Everything you need to know about visiting the Louvre in Paris
Entering the Musée du Louvre gives you the chance to come face to face with some of the greatest works of art in the world.
The Louvre in Paris is the most visited museum in the world: almost 9.5 million people pass through its doors every year. It is also one of those museums that bowl you over through its sheer size. In case you were wondering: yes, it’s impossible to see it all in one day.
The Musée du Louvre has over 380,000 artworks, but only 35,000 are on display to the public. Its permanent collection is divided into 11 sections, running from the ancient empires of the Middle East to the middle of the 19th century. If you’re looking for French Impressionism or contemporary art, though, you need to head over to the Musée d’Orsay or the Centre Pompidou.
The must-see masterpieces at the Louvre
You should think carefully about what you want to see before you start your visit and plan your way around in keeping with how much time you have. It’s a good idea to get hold of a map of the museum to see exactly where its most famous pieces are on display. You can download a PDF map from the official website.
If you’re not sure about what to see, here is a list of some of its most famous pieces:
• Seated Scribe (2480–2350 BC). This piece by an unknown sculptor is one of the most representative statues of Ancient Egypt.
• Code of Hammurabi (1750 BC). A basalt column raised by King Hammurabi of Babylonia with engravings of one of the oldest preserved set of laws in the world.
• Venus de Milo (110 BC). One of the best-known works of Ancient Greek sculpture. Sculpted in white marble, it encapsulates the ideal of classical beauty.
• Winged Victory of Samothrace (190 BC). A magnificent Greek sculpture of Nike, goddess of victory.
• Mona Lisa (1502–06). This painting by Leonardo da Vinci is the jewel in the Louver’s crown. However, the crowds around this very small work of art make it hard to get a good look.
• The Wedding at Cana (1563). This colourful oil painting by Italian painter Paolo Veronese fills this biblical scene with thousands of tiny details.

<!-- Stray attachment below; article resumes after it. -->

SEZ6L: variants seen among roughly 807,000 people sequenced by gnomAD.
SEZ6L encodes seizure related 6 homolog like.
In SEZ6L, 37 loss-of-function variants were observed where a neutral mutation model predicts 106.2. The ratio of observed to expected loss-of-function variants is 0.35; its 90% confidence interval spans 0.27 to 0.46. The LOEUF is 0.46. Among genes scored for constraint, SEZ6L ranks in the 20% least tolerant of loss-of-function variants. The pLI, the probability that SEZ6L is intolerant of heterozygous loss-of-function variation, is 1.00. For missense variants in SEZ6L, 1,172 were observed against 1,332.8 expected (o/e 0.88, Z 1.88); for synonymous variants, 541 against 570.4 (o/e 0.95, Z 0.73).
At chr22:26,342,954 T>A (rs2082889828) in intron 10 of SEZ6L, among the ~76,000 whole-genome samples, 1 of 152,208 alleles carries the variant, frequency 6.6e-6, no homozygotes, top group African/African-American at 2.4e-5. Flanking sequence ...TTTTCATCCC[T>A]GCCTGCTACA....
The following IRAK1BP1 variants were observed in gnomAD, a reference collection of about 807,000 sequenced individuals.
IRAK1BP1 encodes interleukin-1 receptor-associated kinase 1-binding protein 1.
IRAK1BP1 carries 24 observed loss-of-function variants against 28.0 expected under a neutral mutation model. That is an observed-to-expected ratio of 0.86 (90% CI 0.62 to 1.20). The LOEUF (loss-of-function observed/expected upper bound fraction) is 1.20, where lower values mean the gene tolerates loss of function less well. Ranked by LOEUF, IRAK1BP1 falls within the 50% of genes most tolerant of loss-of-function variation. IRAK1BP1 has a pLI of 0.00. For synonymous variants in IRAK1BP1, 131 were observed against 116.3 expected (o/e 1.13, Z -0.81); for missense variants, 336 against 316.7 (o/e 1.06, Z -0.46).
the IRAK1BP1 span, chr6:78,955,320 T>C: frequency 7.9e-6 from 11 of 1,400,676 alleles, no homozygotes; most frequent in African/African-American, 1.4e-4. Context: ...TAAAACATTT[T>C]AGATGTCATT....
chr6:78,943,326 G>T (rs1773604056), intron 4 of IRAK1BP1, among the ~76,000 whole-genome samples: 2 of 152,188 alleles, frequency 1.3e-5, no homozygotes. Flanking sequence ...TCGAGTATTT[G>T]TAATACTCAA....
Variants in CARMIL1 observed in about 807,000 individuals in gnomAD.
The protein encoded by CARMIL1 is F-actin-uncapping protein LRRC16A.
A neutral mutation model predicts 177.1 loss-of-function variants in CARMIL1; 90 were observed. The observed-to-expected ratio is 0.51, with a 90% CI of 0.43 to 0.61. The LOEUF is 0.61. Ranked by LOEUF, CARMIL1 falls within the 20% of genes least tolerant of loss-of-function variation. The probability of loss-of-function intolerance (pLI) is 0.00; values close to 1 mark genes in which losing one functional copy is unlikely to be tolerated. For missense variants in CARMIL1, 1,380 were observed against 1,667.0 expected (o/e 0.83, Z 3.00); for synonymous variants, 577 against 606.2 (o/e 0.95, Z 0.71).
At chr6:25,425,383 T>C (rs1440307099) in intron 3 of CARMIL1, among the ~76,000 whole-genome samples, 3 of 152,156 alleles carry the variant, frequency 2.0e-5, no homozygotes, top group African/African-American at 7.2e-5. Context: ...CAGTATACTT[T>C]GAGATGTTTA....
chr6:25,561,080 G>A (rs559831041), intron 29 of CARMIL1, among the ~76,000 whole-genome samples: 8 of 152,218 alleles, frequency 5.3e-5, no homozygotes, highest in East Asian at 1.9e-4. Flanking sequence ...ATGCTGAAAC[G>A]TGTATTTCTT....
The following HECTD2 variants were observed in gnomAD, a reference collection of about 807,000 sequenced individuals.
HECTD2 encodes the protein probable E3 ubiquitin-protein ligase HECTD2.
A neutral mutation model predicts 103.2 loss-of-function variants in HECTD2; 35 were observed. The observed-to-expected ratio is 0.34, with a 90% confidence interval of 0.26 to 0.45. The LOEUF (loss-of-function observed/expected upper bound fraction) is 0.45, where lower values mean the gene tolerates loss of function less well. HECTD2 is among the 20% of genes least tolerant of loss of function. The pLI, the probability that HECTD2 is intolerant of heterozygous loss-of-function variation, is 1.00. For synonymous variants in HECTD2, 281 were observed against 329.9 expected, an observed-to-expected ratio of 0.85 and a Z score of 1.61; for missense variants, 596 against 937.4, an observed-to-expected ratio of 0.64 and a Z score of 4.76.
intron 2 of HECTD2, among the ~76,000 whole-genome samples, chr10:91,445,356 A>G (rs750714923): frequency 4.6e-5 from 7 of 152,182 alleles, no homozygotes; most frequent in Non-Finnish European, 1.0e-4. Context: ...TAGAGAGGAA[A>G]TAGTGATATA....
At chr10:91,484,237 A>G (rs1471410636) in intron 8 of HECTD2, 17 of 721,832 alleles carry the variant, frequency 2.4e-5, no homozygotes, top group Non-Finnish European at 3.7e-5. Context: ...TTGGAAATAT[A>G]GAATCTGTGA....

• The Lacemaker (1669). One of the most famous paintings by Dutch painter Johannes Vermeer .
• Liberty Leading the People (1830). This famous oil painting by Eugène Delacroix shows the people of Paris rising up to defend their freedoms.
• The Turkish Bath (1862–63). This painting by Jean-Auguste-Dominique Ingres is seen as one of the precursors to modern painting.
Tickets and opening hours
The Louvre is open from 9.00 am to 6 pm every day of the week except Tuesday, when it is closed all day. However, it stays open until 9.45 pm on Wednesday and Friday.
The best time to visit is first thing in the morning. You’ll still have to queue, but the lines only get longer and longer as the day goes on. You’ll also be able to make your way around the museum more easily.
A ticket to the Louvre costs €15 for adults. Admission is free for under-18s. There are concessions for students and pensioners . You can buy tickets online or at the ticket office.
The main ticket office is in the glass pyramid. Once you’ve got your ticket, you’ll have to queue to get into the museum, passing through the hall with the information stands, shops and other ticket offices. The trick is to go straight to the hall and buy your tickets there. You can also make your way directly to the main entrance by buying your tickets beforehand or buying a Paris Museum Pass.